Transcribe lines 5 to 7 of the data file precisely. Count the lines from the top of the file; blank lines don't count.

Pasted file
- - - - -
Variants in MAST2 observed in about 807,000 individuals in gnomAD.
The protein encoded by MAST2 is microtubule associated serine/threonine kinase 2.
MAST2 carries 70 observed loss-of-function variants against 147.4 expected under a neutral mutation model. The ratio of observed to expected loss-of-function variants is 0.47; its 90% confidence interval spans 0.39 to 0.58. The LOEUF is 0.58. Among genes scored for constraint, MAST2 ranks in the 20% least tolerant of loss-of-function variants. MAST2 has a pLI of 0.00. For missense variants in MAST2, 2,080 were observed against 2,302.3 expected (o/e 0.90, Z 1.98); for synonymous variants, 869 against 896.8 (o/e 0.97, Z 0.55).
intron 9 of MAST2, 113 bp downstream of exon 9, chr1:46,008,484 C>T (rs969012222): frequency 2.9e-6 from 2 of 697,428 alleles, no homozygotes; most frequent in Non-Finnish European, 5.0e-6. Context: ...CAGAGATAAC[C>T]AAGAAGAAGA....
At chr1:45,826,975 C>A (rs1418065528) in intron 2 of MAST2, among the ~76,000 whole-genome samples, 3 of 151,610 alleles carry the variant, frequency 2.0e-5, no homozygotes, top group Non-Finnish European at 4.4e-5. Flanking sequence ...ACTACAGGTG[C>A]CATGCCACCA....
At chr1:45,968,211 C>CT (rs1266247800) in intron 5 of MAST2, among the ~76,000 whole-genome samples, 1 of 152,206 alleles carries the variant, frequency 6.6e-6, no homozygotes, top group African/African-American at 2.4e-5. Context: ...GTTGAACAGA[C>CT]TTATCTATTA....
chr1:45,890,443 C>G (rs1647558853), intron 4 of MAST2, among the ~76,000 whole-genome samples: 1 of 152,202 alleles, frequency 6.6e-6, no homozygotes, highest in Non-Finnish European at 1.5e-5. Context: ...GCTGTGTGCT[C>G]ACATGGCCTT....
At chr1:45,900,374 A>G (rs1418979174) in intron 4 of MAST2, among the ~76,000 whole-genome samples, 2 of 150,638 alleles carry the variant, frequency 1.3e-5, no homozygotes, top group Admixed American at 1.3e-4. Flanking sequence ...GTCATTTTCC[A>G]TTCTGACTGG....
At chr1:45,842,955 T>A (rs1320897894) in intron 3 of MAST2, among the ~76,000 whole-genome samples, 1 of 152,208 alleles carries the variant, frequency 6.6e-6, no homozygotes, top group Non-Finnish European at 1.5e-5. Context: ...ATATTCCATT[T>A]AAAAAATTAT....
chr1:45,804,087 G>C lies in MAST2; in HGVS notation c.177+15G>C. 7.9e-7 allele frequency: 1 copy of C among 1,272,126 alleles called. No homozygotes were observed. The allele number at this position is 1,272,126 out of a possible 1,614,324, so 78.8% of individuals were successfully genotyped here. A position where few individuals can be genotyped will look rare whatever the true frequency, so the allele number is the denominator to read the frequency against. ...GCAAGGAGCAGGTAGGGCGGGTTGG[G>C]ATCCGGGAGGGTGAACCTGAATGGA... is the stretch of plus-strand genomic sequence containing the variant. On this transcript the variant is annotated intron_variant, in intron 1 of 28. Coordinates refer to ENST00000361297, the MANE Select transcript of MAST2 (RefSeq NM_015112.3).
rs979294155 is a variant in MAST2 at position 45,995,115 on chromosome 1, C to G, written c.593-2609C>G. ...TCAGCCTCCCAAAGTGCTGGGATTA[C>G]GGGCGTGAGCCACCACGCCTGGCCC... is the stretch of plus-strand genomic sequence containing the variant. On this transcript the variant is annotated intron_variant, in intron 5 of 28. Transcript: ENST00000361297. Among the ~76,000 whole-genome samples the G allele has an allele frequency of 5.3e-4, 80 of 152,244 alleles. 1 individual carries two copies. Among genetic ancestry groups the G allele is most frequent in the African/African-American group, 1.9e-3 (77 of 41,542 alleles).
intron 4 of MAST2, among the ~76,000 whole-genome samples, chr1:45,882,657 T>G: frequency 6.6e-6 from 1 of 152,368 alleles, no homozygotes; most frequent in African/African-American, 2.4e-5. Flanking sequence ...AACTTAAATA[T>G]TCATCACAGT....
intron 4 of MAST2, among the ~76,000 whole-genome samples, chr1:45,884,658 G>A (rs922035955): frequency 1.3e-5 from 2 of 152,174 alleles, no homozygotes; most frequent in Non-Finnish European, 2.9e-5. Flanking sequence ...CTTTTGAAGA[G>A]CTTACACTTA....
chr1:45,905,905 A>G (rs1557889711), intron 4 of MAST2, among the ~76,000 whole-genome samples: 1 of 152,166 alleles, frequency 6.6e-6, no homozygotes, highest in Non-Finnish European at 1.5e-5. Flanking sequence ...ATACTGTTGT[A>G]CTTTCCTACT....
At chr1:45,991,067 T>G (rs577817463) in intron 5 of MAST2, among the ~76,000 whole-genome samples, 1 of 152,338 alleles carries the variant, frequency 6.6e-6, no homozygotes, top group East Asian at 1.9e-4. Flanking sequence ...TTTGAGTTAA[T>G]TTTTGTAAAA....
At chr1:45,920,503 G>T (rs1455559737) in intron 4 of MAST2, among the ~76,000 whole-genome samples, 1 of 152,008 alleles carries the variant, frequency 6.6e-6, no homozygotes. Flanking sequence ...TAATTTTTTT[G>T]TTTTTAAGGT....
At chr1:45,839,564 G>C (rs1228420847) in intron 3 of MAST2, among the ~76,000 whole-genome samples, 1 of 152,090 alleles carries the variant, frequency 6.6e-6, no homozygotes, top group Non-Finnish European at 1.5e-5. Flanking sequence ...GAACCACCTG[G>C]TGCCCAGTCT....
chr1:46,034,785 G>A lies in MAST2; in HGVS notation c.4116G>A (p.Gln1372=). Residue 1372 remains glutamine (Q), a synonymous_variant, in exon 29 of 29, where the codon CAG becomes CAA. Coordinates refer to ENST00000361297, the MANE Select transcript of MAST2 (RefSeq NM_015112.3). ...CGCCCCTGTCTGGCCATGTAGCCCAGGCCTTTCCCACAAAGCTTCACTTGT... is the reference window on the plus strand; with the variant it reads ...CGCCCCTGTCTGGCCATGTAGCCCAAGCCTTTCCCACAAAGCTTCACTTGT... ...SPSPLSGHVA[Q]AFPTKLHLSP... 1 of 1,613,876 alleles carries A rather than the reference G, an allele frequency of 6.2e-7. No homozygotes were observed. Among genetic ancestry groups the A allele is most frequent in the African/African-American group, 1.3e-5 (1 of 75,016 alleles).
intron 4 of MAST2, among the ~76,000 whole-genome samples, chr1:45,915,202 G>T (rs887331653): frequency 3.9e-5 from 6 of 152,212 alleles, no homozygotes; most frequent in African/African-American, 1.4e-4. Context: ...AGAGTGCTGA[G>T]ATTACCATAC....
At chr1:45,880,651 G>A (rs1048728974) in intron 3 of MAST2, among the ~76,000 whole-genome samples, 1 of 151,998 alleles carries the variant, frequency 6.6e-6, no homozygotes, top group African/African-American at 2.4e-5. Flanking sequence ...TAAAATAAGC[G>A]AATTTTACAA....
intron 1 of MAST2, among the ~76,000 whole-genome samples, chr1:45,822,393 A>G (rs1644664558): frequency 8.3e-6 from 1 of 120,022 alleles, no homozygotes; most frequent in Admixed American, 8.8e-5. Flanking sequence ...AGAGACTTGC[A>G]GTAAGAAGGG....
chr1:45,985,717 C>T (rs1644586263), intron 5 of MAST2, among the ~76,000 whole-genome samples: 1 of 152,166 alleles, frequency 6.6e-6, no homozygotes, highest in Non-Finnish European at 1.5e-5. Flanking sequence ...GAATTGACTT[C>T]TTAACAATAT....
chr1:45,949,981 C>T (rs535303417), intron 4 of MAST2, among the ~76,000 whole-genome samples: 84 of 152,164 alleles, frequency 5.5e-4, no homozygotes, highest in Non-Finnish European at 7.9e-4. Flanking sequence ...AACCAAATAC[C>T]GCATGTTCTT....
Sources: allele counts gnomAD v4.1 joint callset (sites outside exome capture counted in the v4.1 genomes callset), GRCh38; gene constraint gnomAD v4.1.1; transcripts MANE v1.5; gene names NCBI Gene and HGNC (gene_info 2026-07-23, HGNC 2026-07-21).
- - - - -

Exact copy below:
At chr1:45,826,975 C>A (rs1418065528) in intron 2 of MAST2, among the ~76,000 whole-genome samples, 3 of 151,610 alleles carry the variant, frequency 2.0e-5, no homozygotes, top group Non-Finnish European at 4.4e-5. Flanking sequence ...ACTACAGGTG[C>A]CATGCCACCA....
At chr1:45,968,211 C>CT (rs1266247800) in intron 5 of MAST2, among the ~76,000 whole-genome samples, 1 of 152,206 alleles carries the variant, frequency 6.6e-6, no homozygotes, top group African/African-American at 2.4e-5. Context: ...GTTGAACAGA[C>CT]TTATCTATTA....
chr1:45,890,443 C>G (rs1647558853), intron 4 of MAST2, among the ~76,000 whole-genome samples: 1 of 152,202 alleles, frequency 6.6e-6, no homozygotes, highest in Non-Finnish European at 1.5e-5. Context: ...GCTGTGTGCT[C>G]ACATGGCCTT....